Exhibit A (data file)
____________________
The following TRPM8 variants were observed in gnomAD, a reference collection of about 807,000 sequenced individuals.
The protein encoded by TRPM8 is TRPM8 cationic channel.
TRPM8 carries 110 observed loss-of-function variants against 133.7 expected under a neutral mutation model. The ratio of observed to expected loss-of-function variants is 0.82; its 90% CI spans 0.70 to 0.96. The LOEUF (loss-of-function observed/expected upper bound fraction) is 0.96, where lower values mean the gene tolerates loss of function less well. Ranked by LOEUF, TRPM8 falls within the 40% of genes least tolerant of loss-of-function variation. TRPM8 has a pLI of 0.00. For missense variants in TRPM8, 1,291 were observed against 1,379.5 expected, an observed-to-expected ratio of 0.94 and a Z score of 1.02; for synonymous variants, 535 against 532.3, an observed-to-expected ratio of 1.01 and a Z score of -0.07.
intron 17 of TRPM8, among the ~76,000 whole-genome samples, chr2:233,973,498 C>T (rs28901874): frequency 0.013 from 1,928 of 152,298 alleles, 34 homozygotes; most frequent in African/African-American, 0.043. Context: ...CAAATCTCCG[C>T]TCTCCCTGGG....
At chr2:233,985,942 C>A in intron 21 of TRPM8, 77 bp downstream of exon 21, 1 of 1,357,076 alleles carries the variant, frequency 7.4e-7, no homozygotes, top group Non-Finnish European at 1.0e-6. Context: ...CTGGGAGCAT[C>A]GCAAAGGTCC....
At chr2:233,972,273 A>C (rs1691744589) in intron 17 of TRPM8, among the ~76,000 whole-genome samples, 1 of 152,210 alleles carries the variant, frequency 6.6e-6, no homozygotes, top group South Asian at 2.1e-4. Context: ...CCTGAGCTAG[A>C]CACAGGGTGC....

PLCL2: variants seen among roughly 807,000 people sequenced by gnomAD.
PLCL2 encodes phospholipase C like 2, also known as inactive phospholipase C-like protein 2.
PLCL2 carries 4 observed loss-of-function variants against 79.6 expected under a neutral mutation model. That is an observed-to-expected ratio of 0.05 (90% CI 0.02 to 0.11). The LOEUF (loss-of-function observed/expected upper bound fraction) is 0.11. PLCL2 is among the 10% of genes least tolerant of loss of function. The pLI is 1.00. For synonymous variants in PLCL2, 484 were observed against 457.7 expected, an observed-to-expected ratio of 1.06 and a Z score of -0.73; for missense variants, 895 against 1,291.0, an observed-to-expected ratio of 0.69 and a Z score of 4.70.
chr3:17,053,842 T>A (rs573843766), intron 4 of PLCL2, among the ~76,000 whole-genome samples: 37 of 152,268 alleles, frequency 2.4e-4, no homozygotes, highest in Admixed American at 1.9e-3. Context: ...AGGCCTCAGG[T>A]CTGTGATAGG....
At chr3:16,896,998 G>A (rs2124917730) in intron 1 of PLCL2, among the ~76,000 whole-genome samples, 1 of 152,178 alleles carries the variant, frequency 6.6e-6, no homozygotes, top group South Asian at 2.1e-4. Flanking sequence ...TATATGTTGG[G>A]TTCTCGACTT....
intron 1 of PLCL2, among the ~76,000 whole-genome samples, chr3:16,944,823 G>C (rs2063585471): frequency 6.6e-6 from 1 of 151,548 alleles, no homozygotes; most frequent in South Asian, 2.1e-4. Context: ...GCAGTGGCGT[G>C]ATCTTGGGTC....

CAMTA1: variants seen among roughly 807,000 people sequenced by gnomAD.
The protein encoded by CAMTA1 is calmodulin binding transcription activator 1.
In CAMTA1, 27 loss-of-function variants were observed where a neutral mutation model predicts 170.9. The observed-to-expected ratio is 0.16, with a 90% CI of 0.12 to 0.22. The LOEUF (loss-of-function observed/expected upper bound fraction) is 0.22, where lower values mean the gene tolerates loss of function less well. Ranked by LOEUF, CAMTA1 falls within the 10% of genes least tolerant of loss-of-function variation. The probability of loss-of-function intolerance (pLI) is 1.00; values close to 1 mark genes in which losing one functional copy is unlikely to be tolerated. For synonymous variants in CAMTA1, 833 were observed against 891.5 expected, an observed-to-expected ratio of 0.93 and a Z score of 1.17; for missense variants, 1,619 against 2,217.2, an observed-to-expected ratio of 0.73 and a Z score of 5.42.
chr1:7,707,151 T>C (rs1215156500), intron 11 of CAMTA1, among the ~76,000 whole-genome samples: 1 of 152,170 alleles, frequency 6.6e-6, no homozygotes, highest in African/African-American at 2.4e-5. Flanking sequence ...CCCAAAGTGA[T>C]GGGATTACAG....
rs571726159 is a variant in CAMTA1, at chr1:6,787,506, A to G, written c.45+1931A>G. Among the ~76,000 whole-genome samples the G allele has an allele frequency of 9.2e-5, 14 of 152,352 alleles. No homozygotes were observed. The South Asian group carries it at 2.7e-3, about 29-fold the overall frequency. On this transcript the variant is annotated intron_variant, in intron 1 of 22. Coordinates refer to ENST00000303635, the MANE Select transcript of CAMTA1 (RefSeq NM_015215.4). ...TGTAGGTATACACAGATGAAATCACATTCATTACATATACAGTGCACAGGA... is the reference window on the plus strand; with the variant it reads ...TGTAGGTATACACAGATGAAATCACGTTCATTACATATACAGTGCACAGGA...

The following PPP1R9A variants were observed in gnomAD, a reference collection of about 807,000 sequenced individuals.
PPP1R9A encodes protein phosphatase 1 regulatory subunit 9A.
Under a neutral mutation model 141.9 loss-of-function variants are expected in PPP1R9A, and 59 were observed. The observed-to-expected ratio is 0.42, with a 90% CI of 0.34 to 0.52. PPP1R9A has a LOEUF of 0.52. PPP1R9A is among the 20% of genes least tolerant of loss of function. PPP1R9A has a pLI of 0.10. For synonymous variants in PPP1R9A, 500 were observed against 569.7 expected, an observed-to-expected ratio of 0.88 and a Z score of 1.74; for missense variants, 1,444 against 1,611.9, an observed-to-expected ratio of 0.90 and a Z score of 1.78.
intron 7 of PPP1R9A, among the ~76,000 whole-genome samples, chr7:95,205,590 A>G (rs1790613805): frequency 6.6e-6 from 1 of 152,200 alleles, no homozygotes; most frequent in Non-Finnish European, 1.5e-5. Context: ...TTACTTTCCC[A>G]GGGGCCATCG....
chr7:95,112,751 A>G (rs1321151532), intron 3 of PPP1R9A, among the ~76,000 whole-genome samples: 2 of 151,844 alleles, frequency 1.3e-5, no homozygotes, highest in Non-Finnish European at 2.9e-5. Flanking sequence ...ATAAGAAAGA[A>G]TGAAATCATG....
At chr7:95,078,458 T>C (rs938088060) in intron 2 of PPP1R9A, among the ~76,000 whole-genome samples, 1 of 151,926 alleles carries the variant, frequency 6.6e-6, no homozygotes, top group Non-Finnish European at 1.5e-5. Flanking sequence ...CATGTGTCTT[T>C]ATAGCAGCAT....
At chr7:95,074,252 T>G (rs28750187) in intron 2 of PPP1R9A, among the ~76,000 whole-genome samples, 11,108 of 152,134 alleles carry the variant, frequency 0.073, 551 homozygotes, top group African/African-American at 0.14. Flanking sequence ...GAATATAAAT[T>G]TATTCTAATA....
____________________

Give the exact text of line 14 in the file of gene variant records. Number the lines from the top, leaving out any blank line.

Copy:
The protein encoded by CAMTA1 is calmodulin binding transcription activator 1.